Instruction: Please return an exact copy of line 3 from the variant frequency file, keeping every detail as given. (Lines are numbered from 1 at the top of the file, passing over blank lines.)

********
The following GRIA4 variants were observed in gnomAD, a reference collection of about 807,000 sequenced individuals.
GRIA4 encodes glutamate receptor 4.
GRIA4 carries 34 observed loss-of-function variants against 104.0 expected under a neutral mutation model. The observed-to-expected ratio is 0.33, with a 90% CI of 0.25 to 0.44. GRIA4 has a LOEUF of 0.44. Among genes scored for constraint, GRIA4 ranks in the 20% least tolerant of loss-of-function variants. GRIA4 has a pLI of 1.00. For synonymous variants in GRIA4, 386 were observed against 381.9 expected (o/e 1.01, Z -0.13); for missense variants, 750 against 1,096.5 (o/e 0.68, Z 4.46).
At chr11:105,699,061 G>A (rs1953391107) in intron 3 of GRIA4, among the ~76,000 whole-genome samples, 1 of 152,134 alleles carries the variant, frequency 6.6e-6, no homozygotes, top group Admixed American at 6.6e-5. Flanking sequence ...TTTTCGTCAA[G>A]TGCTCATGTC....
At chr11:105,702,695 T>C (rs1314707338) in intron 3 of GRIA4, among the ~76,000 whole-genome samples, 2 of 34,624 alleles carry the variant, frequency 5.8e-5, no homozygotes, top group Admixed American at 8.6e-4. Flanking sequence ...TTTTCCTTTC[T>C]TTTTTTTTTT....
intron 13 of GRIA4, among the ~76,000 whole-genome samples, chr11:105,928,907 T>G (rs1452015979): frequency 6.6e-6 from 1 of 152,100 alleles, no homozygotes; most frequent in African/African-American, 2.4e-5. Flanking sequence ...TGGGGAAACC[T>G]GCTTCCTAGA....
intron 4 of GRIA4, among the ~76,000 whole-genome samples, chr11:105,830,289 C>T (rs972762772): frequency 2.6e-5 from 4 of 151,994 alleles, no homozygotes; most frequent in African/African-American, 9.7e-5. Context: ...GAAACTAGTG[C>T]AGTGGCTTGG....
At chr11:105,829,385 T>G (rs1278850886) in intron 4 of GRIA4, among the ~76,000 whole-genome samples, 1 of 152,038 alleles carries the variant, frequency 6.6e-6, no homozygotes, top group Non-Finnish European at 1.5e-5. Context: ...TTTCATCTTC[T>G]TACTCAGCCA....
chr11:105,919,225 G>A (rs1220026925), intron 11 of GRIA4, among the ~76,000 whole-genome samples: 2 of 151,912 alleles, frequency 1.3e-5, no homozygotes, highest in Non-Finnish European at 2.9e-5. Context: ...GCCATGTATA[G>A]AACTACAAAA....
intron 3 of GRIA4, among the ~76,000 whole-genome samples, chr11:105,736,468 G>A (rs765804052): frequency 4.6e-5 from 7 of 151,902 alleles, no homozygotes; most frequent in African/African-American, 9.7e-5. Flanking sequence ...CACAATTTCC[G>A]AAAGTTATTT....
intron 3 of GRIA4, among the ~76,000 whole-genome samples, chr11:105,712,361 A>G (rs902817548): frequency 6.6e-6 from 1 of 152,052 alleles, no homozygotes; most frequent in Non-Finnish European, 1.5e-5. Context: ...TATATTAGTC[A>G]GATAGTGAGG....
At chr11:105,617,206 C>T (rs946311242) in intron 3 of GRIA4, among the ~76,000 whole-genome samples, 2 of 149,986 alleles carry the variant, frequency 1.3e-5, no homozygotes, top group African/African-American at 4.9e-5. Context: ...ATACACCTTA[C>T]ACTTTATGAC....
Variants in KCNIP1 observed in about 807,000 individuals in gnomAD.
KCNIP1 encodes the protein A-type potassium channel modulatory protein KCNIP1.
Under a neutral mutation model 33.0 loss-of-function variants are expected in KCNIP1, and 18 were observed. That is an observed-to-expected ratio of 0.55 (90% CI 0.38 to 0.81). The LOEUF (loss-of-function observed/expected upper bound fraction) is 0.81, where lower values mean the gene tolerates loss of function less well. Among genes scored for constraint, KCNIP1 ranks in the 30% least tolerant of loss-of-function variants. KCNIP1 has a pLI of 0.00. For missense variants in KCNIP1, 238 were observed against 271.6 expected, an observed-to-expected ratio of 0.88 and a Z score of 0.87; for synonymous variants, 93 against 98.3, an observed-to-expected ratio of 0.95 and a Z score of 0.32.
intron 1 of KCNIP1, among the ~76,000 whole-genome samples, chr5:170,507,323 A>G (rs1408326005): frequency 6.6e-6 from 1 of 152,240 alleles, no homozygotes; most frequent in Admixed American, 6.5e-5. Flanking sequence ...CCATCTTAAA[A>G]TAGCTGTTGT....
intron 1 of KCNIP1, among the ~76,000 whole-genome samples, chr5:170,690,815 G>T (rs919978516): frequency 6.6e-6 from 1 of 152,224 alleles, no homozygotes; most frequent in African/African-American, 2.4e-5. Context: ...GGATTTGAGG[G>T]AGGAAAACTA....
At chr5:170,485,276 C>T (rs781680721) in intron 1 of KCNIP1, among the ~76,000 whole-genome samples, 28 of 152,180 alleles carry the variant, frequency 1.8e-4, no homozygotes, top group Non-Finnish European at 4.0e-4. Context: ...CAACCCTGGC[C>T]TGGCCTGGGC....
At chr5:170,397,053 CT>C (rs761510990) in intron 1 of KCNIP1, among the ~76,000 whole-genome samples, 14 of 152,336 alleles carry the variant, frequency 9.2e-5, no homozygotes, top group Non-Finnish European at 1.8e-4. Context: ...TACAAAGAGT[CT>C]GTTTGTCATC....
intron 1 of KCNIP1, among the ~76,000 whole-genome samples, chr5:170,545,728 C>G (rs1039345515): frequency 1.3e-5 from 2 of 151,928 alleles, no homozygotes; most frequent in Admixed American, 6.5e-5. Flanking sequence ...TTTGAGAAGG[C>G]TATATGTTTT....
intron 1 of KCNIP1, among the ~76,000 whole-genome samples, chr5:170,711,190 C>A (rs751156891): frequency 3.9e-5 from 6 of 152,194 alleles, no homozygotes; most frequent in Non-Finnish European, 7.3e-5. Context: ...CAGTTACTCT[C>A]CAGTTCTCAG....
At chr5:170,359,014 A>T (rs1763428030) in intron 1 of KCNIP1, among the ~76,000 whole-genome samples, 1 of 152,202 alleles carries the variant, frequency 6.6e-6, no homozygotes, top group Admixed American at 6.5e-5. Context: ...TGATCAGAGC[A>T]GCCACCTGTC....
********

GRIA4 carries 34 observed loss-of-function variants against 104.0 expected under a neutral mutation model. The observed-to-expected ratio is 0.33, with a 90% CI of 0.25 to 0.44. GRIA4 has a LOEUF of 0.44. Among genes scored for constraint, GRIA4 ranks in the 20% least tolerant of loss-of-function variants. GRIA4 has a pLI of 1.00. For synonymous variants in GRIA4, 386 were observed against 381.9 expected (o/e 1.01, Z -0.13); for missense variants, 750 against 1,096.5 (o/e 0.68, Z 4.46).